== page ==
Monday, July 19, 2004

Art and the Perverse

There's something engaging about willful perversity in art; I think this is the major gem at the center of dada's lump of unloved coal. It's willful perversity that makes the careers of Neil Young, Bob Dylan, Thomas Pynchon worth reading about; not only that, though, but w.p. is the really invigorating force behind the works of these men (and others).

First I suppose I should define willful perversity. We'll turn to the American Heritage Dictionary for a useful tetrapartite definition of the word "perverse":

1) Directed away from what is right or good; perverted.
2) Obstinately persisting in an error or fault; wrongly
self-willed or stubborn.
a) Marked by a disposition to oppose and contradict.
b) Arising from such a disposition.
4) Cranky; peevish.
Obviously, 1 is useless to us. I'm not using perverse in a moral sense, but in the context of an artist's career. However, 2-4 all are of use; synthesizing them, we arrive at a definition of perversity somewhat like this:

Per-ver-si-ty, n. A state of obstinacy and unreason, provoked by the resentment of past artistic successes and characterized by the rejection and undermining of those successes. See re-ac-tor.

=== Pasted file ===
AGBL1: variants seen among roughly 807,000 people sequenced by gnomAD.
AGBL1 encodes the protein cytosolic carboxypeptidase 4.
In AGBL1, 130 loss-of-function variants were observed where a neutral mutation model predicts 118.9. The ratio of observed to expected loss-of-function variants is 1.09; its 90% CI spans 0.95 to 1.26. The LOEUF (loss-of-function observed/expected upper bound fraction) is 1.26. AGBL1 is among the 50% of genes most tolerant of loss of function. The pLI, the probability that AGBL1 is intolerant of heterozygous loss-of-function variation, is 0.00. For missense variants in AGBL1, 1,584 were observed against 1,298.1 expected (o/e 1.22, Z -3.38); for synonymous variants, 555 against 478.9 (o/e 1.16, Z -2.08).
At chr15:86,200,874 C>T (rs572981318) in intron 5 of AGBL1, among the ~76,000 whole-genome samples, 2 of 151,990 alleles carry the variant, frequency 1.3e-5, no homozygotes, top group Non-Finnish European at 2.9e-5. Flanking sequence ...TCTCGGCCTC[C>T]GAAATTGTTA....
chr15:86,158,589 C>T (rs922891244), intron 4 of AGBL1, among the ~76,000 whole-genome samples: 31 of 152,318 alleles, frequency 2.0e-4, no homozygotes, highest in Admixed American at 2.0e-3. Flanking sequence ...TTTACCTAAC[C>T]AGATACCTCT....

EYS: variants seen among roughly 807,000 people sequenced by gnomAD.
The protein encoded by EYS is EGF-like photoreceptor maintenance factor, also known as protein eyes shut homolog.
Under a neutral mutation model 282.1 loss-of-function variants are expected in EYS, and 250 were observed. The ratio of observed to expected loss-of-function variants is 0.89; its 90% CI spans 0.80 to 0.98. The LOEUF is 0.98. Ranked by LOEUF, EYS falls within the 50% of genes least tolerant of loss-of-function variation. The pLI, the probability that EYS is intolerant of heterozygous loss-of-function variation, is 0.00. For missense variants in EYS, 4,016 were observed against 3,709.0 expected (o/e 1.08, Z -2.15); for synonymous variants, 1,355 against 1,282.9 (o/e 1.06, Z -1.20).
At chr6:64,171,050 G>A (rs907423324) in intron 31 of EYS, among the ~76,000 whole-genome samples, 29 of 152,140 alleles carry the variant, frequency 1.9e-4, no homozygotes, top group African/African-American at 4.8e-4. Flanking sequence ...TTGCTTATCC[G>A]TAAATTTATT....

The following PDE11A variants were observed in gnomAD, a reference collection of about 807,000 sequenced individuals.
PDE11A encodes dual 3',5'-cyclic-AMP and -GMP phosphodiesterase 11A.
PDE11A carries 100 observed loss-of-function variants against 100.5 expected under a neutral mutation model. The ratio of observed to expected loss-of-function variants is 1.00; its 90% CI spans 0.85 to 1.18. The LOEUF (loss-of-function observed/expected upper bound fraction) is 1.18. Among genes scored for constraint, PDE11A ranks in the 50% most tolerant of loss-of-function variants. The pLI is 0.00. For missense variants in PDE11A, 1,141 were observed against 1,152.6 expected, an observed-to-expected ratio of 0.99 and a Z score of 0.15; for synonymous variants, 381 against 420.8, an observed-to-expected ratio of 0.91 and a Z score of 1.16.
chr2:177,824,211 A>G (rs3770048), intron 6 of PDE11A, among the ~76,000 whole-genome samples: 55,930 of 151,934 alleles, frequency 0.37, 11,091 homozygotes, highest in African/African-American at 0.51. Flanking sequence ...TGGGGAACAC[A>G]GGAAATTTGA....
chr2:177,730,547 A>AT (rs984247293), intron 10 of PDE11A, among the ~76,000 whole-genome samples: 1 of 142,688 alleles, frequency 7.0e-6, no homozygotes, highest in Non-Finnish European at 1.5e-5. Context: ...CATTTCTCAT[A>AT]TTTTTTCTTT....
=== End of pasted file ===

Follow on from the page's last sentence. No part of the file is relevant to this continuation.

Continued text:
Famously perverse career decisions:
  1. Neil Young.
  2. Dylan goes electric.
  3. Dylan goes folk-bard.
  4. Dylan goes Christian (this one didn't quite work).
  5. Pynchon publishes Mason & Dixon, a huge fictional work about the surveyors, using contemporary (1780s) capitalization and spelling.
  6. Finnegan's Wake (rather than a volte-face, this was the stupifyingly logical conclusion to James Joyce's oeuvre -- though the symposium of critical writing published ten years before the novel, the bulk of it possibly ghostwritten by Joyce, can only be called perverse).
We'll examine this subject in greater detail in the future. I just hope I'm not alone in loving, conceptually, that, after the critical and popular acclaim that Rust Never Sleeps achieved, NY could release a nine-minute long song whose lyrics consisted of, "Got mashed potatoes, ain't got no T-bone" and then print all six verses in the liner notes. Diane suspects I am.


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